The reason I'm hesitant in this case is that I remember the IMSAI well. It was a kit and we built it. Point here is that the switches used were of two types: the ones shown here, which set hex addresses and commands, and a momentary style for loading the switch-set-bytes into memory. I don't recall any place where they'd have needed on-off-on.

But these paddle and rocker siwtches are often based on a regular slide or toggle switch, which can often be easily swapped out. It's the "appearance" parts which differ. So again, there is a great likelihood that you could mate this desirable front to a rear that is common and available at little cost.

Also, one could always process the DPST into other arrangements with outboard logic... (i.e., On-off-On is possible with two switches, logically locking out the unacceptable dual on position. Using an XOR gate.)

I think I've talked myself into getting some! Those big paddles were certainly very "play-able" for programming the IMSAI. Much moreso than toggles or rockers, which was why they became so common when computers were switch-entry affairs. I've got to believe they would translate well to a play-able Seq like the Klee...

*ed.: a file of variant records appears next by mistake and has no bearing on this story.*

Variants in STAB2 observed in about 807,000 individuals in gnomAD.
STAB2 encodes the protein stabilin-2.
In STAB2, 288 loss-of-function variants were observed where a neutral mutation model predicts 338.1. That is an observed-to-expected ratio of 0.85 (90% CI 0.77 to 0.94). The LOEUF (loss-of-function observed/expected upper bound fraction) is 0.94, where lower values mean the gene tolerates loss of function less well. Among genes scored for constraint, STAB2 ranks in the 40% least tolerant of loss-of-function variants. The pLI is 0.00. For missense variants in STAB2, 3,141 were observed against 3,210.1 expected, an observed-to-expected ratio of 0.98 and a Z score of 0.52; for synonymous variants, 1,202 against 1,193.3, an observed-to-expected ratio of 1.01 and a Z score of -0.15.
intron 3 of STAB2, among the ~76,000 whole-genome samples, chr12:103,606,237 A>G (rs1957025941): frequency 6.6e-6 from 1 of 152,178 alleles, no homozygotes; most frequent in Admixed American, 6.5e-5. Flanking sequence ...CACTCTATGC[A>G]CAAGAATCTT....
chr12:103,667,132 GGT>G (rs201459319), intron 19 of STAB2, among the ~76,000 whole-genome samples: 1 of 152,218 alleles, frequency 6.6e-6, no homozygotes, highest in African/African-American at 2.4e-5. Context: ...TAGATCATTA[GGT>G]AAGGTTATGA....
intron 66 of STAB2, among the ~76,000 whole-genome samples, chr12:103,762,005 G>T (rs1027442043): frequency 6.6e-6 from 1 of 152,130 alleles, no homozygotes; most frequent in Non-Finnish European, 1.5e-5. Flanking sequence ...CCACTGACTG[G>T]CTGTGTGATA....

Or any other synth use where quick, precise, multiple switch setting is needed. I wrote before here on e-m how we became pretty adept at getting any one of 16 possible states from any one of 16 states from the IMSAI with a single hand motion. (We had contests to se who could load and run a given program fastest. The Rubik's cube of its time. With printed output of your success! And none or botched output if/when you failed. Sad Ah, school daze.

Just some thoughts, Kind regards, Randal
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Blue Hell
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PostPosted: Sat Dec 08, 2007 8:10 pm    Post subject: Reply with quote  Mark this post and the followings unread

Randaleem wrote:
we built it.


I've seen you use "we" on a few occasions where I would have expected "I", it made me wonder who "we" is Very Happy